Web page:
Gene patenting dramatically altered by U.S. case
QUOTE: "We again seem to be in a period... of frank hostility to patents and patent law from the Supreme Court." - biotech lawyer, Kevin E. Noonan
"This decision, along with 'In re Gleave'.., represents an ongoing trend reflected in the Federal Circuit's jurisprudence that makes patenting of classic biotechnology inventions more challenging."- Astrid R. Spain, patent law specialist and partner in the law firm McDermott Will & Emery
Federal Circuit Limits Patentability Of Genetic Sequences
William L. Warren
IP Frontline, 15 May 2009 [extracts only]
On April 3, 2009, the U.S. Court of Appeals for the Federal Circuit issued 'In re Kubin' (Fed. Cir., No. 2008-1184), perhaps the most significant patent law decision affecting the genetic engineering industry in over a decade. At issue is the patentability of isolated genetic sequences, in this case encoding a previously identified, but unsequenced, protein.
Kubin's Impact On Gene Patenting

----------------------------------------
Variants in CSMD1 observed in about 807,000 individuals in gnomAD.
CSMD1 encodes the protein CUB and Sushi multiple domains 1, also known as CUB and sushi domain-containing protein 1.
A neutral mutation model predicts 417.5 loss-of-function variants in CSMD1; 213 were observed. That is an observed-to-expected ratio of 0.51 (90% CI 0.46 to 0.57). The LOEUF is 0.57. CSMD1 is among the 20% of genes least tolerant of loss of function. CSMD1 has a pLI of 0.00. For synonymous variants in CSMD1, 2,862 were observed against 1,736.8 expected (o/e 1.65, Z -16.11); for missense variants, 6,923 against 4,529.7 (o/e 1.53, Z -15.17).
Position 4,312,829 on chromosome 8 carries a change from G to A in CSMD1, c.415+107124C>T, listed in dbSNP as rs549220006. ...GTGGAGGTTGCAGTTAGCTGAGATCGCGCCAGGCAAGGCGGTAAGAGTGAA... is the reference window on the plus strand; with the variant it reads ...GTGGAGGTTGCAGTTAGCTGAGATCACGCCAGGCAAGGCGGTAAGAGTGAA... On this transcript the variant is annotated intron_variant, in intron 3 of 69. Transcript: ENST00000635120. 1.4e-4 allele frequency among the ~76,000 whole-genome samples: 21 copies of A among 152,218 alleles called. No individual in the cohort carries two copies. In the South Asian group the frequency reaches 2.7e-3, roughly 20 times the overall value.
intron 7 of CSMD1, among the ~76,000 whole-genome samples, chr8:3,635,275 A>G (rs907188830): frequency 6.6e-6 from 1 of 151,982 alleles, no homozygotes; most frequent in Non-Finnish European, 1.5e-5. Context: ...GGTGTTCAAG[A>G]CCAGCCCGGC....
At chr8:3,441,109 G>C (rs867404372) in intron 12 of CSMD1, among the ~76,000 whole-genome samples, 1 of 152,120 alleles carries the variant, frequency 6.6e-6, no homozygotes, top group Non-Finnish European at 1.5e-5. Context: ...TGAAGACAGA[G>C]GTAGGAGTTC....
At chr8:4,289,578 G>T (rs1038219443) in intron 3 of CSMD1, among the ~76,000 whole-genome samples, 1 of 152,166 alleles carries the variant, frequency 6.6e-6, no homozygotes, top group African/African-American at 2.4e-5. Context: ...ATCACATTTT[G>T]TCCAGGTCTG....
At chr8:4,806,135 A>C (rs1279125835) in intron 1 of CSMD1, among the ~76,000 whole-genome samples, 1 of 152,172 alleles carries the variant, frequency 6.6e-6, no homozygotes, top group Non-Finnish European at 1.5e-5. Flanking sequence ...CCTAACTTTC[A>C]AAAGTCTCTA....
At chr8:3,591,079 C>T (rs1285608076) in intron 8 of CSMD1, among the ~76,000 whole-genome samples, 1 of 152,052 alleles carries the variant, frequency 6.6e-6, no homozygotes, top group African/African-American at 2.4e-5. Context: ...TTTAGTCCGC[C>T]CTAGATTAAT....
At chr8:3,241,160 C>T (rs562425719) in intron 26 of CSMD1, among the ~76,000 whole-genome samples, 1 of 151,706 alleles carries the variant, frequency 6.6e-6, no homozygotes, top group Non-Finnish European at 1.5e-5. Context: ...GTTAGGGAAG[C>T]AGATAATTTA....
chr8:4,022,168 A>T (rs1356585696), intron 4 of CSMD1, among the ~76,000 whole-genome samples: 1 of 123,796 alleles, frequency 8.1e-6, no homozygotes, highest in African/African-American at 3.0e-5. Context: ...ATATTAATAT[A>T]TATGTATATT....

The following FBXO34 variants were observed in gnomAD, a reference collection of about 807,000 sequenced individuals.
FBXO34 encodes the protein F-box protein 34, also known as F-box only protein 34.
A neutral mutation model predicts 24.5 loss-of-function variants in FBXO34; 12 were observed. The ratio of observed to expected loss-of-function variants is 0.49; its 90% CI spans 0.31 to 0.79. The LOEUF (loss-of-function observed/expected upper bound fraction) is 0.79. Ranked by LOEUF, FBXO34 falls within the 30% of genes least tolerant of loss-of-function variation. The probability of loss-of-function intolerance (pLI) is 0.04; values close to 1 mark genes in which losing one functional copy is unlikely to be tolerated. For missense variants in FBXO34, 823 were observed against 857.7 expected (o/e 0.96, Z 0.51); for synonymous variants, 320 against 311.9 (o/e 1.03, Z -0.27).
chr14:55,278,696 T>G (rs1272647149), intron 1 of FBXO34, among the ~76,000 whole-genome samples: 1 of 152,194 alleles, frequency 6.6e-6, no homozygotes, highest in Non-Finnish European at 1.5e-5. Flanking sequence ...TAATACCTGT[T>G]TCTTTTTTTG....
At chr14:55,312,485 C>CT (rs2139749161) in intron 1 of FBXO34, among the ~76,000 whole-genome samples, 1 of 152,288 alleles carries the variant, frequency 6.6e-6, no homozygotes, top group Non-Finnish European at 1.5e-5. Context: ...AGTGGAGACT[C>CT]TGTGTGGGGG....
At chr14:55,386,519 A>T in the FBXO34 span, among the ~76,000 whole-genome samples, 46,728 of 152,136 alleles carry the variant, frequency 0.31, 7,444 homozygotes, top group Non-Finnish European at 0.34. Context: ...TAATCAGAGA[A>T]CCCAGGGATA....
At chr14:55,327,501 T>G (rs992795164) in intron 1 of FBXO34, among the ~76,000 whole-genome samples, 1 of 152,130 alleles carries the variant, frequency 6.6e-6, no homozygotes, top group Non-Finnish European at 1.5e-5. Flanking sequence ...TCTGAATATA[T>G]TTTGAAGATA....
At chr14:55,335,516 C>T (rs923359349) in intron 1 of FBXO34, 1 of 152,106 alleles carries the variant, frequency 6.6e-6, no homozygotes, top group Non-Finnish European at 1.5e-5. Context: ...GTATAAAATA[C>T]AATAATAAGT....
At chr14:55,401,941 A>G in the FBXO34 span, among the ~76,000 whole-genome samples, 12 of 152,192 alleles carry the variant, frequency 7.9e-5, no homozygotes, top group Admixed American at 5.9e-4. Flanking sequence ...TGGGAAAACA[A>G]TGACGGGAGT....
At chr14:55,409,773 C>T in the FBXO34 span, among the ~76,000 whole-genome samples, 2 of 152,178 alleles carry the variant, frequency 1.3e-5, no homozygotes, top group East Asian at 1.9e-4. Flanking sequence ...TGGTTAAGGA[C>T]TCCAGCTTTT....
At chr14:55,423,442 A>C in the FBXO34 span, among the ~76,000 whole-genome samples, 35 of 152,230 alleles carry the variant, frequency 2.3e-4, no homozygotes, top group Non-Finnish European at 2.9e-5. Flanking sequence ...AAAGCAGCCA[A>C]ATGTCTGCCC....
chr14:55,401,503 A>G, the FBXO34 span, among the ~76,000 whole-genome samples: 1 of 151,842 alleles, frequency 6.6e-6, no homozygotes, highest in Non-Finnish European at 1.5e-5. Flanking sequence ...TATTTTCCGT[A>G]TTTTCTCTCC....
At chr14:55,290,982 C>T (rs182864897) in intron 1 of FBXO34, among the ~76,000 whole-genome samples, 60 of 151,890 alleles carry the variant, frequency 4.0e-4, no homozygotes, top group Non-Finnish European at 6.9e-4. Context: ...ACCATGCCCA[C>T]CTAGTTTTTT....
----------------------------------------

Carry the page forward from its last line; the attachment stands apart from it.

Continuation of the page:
The Federal Circuit's decision in Kubin generally means that to the extent a protein has been previously identified, its nucleotide sequence is no longer patentable. The broader application of Kubin will include attempts to reject or invalidate claims directed to biotech inventions which claim an outcome of experimentation from among a range of expected results, even though not expressly predictable. There will undoubtedly be an increase in invalidity challenges to existing gene patents by those seeking to market generic and follow-on biologics prior to patent expiration, in view of the likelihood that pending regulatory legislation also passes. Clearly, the patentability standard for gene sequences and the commercial exclusivity available for such biotech inventions have been dramatically altered by the Federal Circuit's 'In re Kubin' decision.